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Posture Stability and Kinematics While Performing a 180° Turning Step in Elderly Individuals With and Without Vertebral Compression Fracture and in Middle-Aged Adults

  • Fang-Chuan KuoEmail author
  • Yin-Yin Liao
  • Cheng-Hung Lee
  • Ben-Yi Liau
  • Ching-Cheng Pan
Original Article

Abstract

Purpose

Older adults with vertebral compression fracture (VCF) have spinal malalignment with large postural sway while standing. The purposes of this study identified the turning strategy of patients with VCF while walking.

Methods

The study enrolled 18 adults with VCF (VCF group) and 29 older adults (OA group) and 15 middle-aged adults (MA group) without spinal deformity. The Biodex balance system was employed to assess posture stability. An inertia motion system recorded kinematic data during walking. The 180° turning step before sitting was divided into braking, mid-stance, swing, and terminal loading phases for kinematic analysis.

Results

Posture stability score showed that the VCF group achieved the lowest stability. The patients with VCF used slower acceleration and less mobility of the head and spine when turning. However, the VCF group had a larger hip abduction range of motion than the OA group; the OA group exhibited larger thoracic rotation than the MA and VCF groups. The VCF group exhibited less gait stability and coordination between the head and thigh on the sagittal plane than the other groups. Additionally, the VCF group had greater head/lower spine acceleration variability on the frontal plane. Kinematic joint modulations were required, depending on the phase of the turn step.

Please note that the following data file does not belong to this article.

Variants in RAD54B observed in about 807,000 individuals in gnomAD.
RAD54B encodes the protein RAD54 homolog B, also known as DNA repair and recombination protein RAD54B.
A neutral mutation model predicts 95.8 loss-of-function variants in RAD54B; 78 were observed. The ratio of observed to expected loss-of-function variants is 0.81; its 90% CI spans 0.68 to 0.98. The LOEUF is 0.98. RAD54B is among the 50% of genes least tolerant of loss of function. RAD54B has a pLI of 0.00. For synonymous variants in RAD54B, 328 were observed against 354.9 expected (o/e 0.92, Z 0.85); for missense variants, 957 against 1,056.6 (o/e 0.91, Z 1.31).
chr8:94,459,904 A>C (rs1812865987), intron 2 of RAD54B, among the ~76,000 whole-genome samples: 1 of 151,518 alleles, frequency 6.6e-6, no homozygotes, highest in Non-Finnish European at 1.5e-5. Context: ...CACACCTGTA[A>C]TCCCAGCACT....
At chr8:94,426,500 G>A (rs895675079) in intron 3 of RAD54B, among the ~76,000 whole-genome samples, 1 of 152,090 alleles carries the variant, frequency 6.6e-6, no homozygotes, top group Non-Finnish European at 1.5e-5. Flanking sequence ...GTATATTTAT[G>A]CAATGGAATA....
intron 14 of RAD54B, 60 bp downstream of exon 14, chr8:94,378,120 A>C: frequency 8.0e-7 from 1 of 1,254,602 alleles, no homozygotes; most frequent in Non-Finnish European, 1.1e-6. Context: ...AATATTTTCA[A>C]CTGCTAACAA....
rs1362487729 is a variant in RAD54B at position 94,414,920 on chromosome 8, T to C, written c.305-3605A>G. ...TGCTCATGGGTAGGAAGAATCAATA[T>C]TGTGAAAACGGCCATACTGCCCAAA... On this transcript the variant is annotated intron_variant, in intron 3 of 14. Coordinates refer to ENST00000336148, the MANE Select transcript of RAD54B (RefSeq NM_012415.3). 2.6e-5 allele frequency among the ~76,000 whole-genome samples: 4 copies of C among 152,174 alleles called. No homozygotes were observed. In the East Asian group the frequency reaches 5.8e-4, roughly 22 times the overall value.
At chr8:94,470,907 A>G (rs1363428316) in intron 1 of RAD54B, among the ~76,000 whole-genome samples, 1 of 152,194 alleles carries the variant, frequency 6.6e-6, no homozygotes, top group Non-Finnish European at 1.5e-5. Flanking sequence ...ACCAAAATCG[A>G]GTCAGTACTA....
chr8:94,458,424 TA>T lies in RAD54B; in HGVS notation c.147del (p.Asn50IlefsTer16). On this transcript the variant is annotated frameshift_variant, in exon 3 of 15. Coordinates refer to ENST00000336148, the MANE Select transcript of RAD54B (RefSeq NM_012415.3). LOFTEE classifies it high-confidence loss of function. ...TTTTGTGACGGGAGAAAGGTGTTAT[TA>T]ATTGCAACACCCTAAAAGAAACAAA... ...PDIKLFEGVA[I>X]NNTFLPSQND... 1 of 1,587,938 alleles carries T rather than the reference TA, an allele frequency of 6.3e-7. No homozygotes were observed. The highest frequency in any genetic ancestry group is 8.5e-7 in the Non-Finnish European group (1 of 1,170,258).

Conclusion

The patients with VCF depend more heavily on a hip strategy to maintain gait stability than do other adult groups. To address gait stability and prevent falls for the patients with VCF, a training program should include balance, trunk mobility, and hip abductor muscle strength training.

Keywords

Balance Turning Vertebral compression fracture Older adult Kinematics 

Notes

Compliance with Ethical Standards

Ethical Approval

This experiment obtained approval from the local ethics committee (TCVGH IRB: CF15027A).

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Copyright information

© Taiwanese Society of Biomedical Engineering 2020

Authors and Affiliations

  • Fang-Chuan Kuo
    • 1
    Email author
  • Yin-Yin Liao
    • 2
  • Cheng-Hung Lee
    • 3
  • Ben-Yi Liau
    • 2
  • Ching-Cheng Pan
    • 4
  1. 1.Department of Physical TherapyHungkuang UniversityTaichungTaiwan
  2. 2.Department of Biomedical EngineeringHungkuang UniversityTaichungTaiwan
  3. 3.Department of Orthopedics Surgery, Spine Surgery SectionTaichung Veterans General HospitalTaichungTaiwan
  4. 4.Shan-He Rehabilitation ClinicKaohsiungTaiwan

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